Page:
Following an extensive review process, Northeastern University has elected to discontinue its intercollegiate football program. The decision is consistent with the university’s strategic approach to prioritize programs and invest in signature strengths.
“Our goal for athletics is to achieve sustainable excellence in all areas,” said Athletic Director Peter Roby, who made the initial recommendation, which received the strong support of the university administration, the president, and the Board of Trustees. In an open letter to the Northeastern community, Roby continued, “We do not define success merely through wins and losses. Instead, we recognize that success comes from creating a positive student-athlete experience. The primary motivation for this decision was based on the significant obstacles to providing this experience for our football players.”
Roby added that Northeastern students will continue to participate in 18 different intercollegiate sports, more than 40 club sports, and hundreds of intramural teams. Recent successes include post-season play in basketball and hockey, and championships in women’s volleyball and soccer. The university opened this year’s basketball and hockey seasons in the newly renovated Matthews Arena to record crowds.
Since early 2007, a broad cross-section of the university—including trustees, faculty, students, alumni, donors, and senior administrators—thoroughly investigated the options and opportunities associated with achieving and sustaining excellence in all athletic programs. Ultimately it was determined that elevating and sustaining a competitive Division 1 football program would require additional multimillion dollar investments on an ongoing basis. A broad consensus developed behind discontinuing football and focusing future resources on programs—both academic and non-academic—where the university can achieve and sustain leadership.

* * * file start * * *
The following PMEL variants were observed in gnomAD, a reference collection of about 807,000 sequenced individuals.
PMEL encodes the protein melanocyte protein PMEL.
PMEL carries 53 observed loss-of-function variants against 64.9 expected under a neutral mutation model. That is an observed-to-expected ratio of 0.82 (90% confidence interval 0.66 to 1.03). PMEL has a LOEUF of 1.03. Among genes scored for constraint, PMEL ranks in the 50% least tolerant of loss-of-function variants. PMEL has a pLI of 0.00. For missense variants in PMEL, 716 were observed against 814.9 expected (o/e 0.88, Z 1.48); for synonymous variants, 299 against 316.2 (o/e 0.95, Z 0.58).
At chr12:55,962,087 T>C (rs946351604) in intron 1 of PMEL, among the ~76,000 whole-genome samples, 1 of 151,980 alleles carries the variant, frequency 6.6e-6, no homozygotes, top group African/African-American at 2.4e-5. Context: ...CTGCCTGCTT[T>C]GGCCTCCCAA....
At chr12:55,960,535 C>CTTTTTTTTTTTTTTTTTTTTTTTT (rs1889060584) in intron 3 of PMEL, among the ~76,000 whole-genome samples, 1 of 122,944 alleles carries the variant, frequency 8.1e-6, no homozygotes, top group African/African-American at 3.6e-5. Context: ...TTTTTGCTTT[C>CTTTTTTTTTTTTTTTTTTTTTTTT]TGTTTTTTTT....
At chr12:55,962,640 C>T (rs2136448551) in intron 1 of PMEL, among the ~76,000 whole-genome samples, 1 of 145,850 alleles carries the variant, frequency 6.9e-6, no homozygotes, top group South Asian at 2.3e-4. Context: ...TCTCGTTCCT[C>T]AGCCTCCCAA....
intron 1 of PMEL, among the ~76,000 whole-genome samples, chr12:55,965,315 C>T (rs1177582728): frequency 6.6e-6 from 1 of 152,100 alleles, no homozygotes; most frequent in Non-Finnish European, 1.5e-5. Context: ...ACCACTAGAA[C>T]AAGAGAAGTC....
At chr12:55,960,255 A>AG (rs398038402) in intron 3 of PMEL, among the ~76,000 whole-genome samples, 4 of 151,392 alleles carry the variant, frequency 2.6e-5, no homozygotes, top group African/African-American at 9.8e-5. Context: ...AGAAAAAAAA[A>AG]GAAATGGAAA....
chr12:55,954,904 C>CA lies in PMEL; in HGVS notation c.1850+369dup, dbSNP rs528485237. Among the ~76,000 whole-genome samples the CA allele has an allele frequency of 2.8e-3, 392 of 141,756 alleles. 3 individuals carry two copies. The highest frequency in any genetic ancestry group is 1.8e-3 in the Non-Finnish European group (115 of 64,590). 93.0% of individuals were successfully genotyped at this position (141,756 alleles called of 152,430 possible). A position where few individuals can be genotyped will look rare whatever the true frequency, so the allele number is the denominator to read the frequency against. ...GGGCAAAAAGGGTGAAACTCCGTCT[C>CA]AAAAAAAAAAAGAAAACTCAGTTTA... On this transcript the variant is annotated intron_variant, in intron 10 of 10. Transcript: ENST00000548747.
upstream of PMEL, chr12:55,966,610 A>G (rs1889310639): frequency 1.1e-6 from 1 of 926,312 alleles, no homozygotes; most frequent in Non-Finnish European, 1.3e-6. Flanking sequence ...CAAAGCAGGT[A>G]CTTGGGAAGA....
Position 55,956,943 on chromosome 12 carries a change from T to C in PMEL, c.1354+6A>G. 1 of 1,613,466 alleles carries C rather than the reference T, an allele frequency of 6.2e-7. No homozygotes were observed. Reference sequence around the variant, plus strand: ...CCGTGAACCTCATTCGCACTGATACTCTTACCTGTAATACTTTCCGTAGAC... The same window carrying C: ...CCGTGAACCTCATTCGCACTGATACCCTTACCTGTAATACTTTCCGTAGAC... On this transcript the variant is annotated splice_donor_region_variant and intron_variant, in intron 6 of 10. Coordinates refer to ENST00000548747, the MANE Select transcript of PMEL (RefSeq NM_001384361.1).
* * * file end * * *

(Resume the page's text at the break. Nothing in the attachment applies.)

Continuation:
The varsity football team played its last game of the season this weekend; players and coaches were told that the program will be discontinued before any public announcement was made. The timing of the decision was chosen to give players and coaches the greatest amount of flexibility to make future plans, either at Northeastern or other universities. Players who complete their degrees at Northeastern will maintain their athletic scholarships through graduation.
“Successful athletic programs play a powerful role in the life of the university,” said Philomena Mantella, senior vice president for enrollment management and student affairs, who oversees athletics. “They bring us together behind the common pursuit of excellence, and contribute to our sense of community. Our student athletes learn valuable lessons outside the classroom—about perseverance, teamwork and personal achievement. We continue to focus on excellence in athletics as an integral component to enhancing the student experience.”
In recent years, including during the current economic downturn, Northeastern has accelerated its momentum by making strategic investments in areas of strength.
“Northeastern has always been guided by the principle that we should focus on our opportunities for leadership,” said President Joseph Aoun. “This approach ultimately leads to difficult choices, but leadership requires that we make these choices. This decision allows us to focus on our existing athletic programs.”
“At a time when higher education is critically important to rebuilding our knowledge-based economy,” Aoun added, “universities have an obligation to invest resources in areas of strength—whether they are competitive athletic programs or cutting-edge academics.”